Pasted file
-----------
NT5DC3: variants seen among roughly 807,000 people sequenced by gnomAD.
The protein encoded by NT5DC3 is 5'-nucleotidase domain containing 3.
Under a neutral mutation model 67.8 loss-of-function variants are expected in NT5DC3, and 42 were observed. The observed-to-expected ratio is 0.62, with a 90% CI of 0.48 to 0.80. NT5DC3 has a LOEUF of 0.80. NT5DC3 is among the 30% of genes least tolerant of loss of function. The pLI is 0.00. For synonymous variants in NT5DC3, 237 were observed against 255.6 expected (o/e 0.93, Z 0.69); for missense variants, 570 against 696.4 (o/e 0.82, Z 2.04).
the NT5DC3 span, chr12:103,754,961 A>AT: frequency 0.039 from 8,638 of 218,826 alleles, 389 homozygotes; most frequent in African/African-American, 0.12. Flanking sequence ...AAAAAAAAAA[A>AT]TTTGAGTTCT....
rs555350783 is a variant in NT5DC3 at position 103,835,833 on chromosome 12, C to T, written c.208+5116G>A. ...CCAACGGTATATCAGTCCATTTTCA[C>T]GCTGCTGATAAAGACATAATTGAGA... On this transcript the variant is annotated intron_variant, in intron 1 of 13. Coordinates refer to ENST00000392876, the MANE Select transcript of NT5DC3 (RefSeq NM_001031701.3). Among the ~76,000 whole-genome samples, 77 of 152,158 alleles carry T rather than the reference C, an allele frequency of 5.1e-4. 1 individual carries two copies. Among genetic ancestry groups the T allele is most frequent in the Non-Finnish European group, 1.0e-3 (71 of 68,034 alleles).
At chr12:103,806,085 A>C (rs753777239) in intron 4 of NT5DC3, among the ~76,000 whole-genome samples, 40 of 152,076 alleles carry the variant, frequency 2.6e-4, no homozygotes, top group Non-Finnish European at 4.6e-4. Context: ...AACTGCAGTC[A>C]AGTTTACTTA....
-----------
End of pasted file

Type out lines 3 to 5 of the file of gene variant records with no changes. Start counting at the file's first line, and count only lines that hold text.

Under a neutral mutation model 67.8 loss-of-function variants are expected in NT5DC3, and 42 were observed. The observed-to-expected ratio is 0.62, with a 90% CI of 0.48 to 0.80. NT5DC3 has a LOEUF of 0.80. NT5DC3 is among the 30% of genes least tolerant of loss of function. The pLI is 0.00. For synonymous variants in NT5DC3, 237 were observed against 255.6 expected (o/e 0.93, Z 0.69); for missense variants, 570 against 696.4 (o/e 0.82, Z 2.04).
the NT5DC3 span, chr12:103,754,961 A>AT: frequency 0.039 from 8,638 of 218,826 alleles, 389 homozygotes; most frequent in African/African-American, 0.12. Flanking sequence ...AAAAAAAAAA[A>AT]TTTGAGTTCT....
rs555350783 is a variant in NT5DC3 at position 103,835,833 on chromosome 12, C to T, written c.208+5116G>A. ...CCAACGGTATATCAGTCCATTTTCA[C>T]GCTGCTGATAAAGACATAATTGAGA... On this transcript the variant is annotated intron_variant, in intron 1 of 13. Coordinates refer to ENST00000392876, the MANE Select transcript of NT5DC3 (RefSeq NM_001031701.3). Among the ~76,000 whole-genome samples, 77 of 152,158 alleles carry T rather than the reference C, an allele frequency of 5.1e-4. 1 individual carries two copies. Among genetic ancestry groups the T allele is most frequent in the Non-Finnish European group, 1.0e-3 (71 of 68,034 alleles).